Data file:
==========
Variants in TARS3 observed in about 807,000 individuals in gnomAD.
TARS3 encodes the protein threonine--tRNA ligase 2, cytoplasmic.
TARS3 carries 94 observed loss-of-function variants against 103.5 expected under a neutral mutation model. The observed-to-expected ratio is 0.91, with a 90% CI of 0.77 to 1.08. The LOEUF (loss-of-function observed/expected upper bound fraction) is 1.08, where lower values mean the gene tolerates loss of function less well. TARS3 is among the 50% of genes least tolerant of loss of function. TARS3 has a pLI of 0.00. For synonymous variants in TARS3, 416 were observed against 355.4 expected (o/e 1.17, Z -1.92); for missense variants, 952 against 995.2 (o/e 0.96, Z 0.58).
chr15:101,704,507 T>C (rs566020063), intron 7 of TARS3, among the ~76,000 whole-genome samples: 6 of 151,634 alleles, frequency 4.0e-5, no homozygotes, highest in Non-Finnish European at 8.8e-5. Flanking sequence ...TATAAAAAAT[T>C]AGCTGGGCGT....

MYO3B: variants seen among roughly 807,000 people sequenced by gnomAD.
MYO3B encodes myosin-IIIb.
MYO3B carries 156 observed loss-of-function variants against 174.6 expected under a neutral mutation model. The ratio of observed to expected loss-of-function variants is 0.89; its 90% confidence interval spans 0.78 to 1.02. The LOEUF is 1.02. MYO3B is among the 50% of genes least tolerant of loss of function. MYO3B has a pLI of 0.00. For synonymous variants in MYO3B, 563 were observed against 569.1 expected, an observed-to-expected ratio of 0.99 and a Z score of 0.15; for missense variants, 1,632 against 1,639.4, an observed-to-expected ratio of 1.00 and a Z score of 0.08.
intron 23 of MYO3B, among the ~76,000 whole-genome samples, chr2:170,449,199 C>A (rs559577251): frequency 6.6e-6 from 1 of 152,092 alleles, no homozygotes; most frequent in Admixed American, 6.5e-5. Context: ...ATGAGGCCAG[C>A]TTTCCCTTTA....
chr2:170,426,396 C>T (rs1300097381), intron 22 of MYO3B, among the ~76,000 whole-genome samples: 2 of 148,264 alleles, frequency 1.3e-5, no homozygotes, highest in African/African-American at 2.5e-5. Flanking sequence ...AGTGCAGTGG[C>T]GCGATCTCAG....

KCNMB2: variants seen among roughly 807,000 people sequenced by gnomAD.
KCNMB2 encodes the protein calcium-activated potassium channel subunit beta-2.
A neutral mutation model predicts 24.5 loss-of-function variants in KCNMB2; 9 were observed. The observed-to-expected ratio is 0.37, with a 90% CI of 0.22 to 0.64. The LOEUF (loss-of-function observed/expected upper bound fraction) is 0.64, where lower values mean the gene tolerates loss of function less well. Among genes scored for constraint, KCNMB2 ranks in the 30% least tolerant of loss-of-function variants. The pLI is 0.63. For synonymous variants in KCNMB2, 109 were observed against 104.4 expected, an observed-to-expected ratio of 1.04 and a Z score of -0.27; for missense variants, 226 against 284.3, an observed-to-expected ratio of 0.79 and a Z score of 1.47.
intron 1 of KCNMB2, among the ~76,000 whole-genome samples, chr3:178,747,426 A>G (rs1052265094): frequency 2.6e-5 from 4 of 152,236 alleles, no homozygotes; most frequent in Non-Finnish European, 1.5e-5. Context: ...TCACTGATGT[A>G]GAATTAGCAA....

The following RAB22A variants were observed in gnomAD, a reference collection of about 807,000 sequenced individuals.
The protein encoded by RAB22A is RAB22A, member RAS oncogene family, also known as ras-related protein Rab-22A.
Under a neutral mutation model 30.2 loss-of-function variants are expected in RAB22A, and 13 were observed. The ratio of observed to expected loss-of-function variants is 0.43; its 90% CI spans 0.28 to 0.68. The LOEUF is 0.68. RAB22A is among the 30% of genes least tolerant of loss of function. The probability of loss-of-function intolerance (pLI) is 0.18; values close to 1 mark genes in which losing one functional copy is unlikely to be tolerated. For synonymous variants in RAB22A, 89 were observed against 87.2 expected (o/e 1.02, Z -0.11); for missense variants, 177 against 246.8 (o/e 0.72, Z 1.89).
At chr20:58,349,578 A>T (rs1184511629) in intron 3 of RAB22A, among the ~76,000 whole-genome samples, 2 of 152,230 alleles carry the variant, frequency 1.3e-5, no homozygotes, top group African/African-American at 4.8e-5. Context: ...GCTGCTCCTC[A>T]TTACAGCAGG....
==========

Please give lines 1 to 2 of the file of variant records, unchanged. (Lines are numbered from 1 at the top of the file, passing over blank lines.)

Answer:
Variants in TARS3 observed in about 807,000 individuals in gnomAD.
TARS3 encodes the protein threonine--tRNA ligase 2, cytoplasmic.